10 ways to Rediscover Shetland
by Promote Shetland -
As part of our Rediscover Shetland series, here are 10 classic ways to get out there and enjoy Shetland life to the full. For non-locals, consider it inspiration for whenever we can welcome you again.
Remember, as we ease out of lockdown it's more important than ever that we remain respectful of the beautiful coasts and countryside and the people who live in these areas. See the bottom of this blog for more detailed guidance on responsible rambling in Shetland.
Hike the seven-hour Uyea epic
Literally at the end of the road in the North Mainland, the little Sandvoe beach is the starting point for possibly Shetland’s most epic walk: a seven-hour circular route to the curious, craggy island of Uyea. The walk follows the dramatic, often hilly coastline, passing the strange reddish rocks at Wilgi Geos, which are the oldest in Shetland at more than 2,500 million years old. The dramatic endpoint of the walk is a tombolo leading to the stacks and arches of Uyea, which you can see from the cliff, as well as a magical rocky bay that’s often home to scores of bathing seals (go quietly if you don’t want them to shimmy into the sea en masse). You can walk back along the coast or walk inland and make your way back to Sandvoe via a path across the beautifully bleak rolling moorland.
Get up close with Muckle Flugga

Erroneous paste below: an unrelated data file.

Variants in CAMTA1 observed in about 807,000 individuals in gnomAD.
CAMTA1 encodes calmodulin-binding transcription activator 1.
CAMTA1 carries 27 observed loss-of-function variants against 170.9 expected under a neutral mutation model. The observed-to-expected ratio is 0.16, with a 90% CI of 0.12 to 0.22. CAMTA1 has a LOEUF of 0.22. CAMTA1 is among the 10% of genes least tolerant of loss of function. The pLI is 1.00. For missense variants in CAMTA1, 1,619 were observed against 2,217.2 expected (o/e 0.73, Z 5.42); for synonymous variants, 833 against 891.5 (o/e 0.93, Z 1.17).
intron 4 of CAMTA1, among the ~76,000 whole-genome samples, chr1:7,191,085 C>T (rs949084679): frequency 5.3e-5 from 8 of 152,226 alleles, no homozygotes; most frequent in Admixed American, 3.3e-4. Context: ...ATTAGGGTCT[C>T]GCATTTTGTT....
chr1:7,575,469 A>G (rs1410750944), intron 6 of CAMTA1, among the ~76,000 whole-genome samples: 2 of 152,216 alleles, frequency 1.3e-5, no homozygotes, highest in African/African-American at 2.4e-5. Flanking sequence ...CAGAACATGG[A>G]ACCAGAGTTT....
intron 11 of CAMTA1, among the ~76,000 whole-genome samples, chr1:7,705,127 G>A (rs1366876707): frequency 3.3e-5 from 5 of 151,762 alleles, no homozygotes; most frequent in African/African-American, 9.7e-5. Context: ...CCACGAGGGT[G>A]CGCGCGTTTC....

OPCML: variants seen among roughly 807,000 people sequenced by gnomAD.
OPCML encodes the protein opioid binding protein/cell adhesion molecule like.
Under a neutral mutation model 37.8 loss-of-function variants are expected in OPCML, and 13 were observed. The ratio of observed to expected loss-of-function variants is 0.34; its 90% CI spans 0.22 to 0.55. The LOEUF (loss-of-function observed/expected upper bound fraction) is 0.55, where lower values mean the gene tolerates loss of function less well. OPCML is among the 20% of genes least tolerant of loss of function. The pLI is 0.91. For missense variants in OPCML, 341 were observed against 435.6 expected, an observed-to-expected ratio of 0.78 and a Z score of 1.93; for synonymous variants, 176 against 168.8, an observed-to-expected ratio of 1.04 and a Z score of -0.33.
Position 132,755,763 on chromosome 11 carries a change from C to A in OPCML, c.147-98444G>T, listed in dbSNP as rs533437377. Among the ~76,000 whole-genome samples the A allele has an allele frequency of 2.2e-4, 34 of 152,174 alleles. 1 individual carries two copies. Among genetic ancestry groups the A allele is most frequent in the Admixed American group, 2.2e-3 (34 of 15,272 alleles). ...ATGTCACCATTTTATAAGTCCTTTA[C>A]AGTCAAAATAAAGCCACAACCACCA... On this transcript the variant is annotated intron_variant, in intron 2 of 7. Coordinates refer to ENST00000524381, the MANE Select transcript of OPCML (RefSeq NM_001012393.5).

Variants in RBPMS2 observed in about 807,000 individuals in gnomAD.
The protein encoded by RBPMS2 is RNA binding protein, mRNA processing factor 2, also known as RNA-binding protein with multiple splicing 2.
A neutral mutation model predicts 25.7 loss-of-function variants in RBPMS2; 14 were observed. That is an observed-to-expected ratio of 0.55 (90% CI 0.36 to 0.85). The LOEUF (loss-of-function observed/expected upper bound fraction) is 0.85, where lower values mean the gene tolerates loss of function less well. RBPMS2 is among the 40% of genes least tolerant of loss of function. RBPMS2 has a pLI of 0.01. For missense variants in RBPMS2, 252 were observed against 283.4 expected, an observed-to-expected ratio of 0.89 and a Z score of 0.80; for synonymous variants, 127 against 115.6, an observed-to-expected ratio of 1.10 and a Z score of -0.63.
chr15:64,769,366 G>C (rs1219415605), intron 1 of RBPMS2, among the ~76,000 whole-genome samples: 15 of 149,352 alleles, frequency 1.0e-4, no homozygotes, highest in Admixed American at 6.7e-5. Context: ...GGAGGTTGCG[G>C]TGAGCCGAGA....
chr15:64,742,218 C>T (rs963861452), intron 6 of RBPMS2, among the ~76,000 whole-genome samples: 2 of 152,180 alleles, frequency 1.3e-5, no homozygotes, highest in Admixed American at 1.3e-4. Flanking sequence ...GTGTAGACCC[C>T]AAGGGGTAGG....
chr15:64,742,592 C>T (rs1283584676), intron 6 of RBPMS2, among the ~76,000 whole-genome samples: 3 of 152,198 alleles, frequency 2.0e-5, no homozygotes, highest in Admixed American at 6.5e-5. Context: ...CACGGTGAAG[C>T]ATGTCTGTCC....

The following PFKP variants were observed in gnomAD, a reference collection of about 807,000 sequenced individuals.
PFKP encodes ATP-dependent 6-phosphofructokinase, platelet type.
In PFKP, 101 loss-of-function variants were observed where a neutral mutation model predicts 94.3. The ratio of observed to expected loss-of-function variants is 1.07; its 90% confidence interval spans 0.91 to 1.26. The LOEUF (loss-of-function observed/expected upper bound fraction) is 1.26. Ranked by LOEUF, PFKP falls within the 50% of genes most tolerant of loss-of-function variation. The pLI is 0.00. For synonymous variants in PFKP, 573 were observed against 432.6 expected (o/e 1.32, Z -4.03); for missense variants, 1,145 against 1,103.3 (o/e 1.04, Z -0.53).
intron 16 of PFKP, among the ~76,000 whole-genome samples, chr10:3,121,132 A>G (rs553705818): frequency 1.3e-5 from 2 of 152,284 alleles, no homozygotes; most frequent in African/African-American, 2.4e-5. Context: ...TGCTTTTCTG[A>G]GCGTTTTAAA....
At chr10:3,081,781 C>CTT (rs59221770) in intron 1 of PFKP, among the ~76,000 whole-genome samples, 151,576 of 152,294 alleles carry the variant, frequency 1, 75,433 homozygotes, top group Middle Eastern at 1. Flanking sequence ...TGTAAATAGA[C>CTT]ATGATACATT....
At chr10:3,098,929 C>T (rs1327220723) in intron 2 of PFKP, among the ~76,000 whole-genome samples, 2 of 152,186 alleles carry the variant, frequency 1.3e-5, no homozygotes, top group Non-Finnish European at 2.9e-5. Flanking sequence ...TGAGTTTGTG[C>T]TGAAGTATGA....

The walk across bleak Hermaness to see the Muckle Flugga lighthouse should be world-famous. It’s an epic hike, first across boggy moorlands with menacing bonxies (great skuas) circling overhead, and then along the edge of dramatic cliffs to the end of the headland, where the edge of the British Isles is marked only by a humble wooden sign. The tiny islet of Out Stack is technically the northernmost point in the UK, but the Muckle Flugga lighthouse, on a little stack just beyond the headland, is the photo opportunity. The story goes that it was formed by a battle between the giants Herma and Saxa, who had fallen in love with the same mermaid and took to hurling rocks at one another, before both drowning trying to follow the mermaid to the North Pole. It takes about three hours to walk from the car park to the wooden sign and back – and it’s hard not to feel a sense of mythic awe on one of Shetland’s most iconic walks, especially the moment when you pass the crest of the hill and see the sea beyond the cliffs.